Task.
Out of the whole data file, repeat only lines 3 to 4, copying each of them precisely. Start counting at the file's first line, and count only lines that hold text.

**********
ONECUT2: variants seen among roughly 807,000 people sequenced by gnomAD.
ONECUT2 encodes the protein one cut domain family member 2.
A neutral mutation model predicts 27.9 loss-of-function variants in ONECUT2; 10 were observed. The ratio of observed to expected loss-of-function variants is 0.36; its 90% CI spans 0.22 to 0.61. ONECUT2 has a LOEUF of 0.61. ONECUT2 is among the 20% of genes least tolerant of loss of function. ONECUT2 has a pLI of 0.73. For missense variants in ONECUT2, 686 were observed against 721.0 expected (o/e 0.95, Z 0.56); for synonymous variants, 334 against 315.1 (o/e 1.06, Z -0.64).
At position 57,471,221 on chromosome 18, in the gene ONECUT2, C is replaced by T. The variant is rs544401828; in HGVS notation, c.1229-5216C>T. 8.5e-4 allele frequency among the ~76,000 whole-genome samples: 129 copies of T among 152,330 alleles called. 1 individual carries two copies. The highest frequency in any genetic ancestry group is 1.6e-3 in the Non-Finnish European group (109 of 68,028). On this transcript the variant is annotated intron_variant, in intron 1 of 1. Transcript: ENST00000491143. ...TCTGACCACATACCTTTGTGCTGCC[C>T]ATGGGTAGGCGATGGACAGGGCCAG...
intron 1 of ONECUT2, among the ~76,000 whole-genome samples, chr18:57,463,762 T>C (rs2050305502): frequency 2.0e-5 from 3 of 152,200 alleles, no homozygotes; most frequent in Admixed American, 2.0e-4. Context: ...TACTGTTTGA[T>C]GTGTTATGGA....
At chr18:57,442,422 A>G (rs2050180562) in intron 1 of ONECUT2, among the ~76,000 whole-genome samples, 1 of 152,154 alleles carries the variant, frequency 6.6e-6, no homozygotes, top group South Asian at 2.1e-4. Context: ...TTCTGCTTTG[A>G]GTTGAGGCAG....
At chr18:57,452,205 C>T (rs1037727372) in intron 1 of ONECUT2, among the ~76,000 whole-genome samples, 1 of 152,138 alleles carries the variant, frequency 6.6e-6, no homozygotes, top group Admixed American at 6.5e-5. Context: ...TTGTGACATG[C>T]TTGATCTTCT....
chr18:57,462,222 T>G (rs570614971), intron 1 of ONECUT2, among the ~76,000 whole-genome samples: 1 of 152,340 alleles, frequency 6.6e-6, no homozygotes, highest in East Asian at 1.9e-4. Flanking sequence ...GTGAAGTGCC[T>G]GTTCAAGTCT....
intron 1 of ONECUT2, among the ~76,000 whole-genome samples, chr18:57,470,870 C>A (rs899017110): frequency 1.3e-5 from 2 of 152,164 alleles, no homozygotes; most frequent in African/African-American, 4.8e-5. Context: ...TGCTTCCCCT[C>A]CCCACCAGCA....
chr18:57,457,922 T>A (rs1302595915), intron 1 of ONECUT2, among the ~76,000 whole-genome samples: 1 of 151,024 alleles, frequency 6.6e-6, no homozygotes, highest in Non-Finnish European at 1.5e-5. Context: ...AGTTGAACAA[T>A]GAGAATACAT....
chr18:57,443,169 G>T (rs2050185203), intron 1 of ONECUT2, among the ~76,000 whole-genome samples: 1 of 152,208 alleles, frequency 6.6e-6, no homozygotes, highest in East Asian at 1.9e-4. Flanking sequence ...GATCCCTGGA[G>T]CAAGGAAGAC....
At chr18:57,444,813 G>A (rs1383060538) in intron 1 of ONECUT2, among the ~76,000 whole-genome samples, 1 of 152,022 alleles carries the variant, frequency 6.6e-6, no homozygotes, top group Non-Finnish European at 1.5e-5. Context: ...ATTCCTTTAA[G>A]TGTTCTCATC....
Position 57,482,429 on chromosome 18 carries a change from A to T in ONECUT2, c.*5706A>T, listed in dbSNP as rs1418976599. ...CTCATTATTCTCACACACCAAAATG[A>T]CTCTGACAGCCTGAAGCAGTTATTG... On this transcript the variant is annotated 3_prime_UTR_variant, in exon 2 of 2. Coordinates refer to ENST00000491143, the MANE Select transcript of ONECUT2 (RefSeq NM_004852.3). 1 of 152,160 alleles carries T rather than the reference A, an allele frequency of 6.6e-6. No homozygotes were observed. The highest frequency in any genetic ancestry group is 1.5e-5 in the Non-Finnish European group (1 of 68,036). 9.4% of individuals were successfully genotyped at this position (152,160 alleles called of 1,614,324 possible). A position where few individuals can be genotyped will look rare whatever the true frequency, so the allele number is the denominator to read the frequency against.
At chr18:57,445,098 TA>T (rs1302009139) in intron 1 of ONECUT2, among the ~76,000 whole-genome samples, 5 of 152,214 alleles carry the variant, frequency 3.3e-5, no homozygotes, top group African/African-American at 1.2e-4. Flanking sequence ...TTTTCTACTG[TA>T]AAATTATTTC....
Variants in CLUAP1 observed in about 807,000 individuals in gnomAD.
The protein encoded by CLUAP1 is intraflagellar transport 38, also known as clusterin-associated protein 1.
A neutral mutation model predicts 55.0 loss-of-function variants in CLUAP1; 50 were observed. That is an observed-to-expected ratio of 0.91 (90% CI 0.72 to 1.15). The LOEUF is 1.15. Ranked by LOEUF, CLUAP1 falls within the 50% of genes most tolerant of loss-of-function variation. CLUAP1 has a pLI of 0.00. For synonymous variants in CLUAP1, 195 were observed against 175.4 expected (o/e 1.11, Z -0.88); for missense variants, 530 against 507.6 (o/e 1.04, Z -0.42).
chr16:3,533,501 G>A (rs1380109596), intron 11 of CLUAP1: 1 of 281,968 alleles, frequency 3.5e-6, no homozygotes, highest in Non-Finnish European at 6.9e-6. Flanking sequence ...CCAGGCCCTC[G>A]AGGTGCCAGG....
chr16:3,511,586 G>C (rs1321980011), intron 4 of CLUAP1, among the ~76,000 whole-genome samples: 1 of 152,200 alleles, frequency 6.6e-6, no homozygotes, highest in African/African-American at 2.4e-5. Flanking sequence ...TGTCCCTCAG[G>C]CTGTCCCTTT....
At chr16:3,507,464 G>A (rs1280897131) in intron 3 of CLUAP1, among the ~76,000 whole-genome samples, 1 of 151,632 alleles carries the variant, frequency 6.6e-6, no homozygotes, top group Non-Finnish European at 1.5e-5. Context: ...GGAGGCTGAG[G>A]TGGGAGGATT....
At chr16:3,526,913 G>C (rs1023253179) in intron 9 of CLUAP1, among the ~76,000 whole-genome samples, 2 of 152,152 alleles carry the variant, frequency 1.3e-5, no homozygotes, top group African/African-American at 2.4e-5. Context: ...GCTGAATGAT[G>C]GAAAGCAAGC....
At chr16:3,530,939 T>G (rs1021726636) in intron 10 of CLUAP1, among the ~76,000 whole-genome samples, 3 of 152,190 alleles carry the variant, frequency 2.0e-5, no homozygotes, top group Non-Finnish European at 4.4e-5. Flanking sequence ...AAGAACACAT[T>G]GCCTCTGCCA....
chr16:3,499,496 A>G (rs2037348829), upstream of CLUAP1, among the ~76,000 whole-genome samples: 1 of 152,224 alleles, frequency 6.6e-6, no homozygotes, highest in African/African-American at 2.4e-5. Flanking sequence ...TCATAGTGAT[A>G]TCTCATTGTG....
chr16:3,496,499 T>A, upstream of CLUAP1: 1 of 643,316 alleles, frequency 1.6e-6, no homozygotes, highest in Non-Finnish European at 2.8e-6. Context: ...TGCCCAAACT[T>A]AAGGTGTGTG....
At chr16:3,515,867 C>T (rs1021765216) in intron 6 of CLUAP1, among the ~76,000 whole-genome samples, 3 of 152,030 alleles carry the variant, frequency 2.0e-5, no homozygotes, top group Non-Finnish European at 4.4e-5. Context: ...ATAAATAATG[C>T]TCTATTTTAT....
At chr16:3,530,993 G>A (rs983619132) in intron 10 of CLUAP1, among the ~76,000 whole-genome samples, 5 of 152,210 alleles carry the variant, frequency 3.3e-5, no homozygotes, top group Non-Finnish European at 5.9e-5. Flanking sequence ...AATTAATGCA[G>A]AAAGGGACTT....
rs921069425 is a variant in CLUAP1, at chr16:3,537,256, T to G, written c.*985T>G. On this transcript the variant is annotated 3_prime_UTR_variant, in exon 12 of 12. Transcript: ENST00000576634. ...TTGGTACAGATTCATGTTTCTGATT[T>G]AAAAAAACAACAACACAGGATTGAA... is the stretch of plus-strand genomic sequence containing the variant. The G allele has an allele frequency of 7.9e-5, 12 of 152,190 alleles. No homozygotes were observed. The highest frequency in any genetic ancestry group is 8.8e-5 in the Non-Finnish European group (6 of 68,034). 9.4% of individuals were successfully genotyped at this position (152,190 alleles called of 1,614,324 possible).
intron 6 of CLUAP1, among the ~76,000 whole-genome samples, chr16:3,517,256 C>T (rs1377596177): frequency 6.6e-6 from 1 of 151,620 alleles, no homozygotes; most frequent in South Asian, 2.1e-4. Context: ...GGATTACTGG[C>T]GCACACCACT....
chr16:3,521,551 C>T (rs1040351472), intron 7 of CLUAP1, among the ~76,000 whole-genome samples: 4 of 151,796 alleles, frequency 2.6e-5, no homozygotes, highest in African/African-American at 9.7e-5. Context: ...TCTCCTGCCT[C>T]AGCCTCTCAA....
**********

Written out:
A neutral mutation model predicts 27.9 loss-of-function variants in ONECUT2; 10 were observed. The ratio of observed to expected loss-of-function variants is 0.36; its 90% CI spans 0.22 to 0.61. ONECUT2 has a LOEUF of 0.61. ONECUT2 is among the 20% of genes least tolerant of loss of function. ONECUT2 has a pLI of 0.73. For missense variants in ONECUT2, 686 were observed against 721.0 expected (o/e 0.95, Z 0.56); for synonymous variants, 334 against 315.1 (o/e 1.06, Z -0.64).
At position 57,471,221 on chromosome 18, in the gene ONECUT2, C is replaced by T. The variant is rs544401828; in HGVS notation, c.1229-5216C>T. 8.5e-4 allele frequency among the ~76,000 whole-genome samples: 129 copies of T among 152,330 alleles called. 1 individual carries two copies. The highest frequency in any genetic ancestry group is 1.6e-3 in the Non-Finnish European group (109 of 68,028). On this transcript the variant is annotated intron_variant, in intron 1 of 1. Transcript: ENST00000491143. ...TCTGACCACATACCTTTGTGCTGCC[C>T]ATGGGTAGGCGATGGACAGGGCCAG...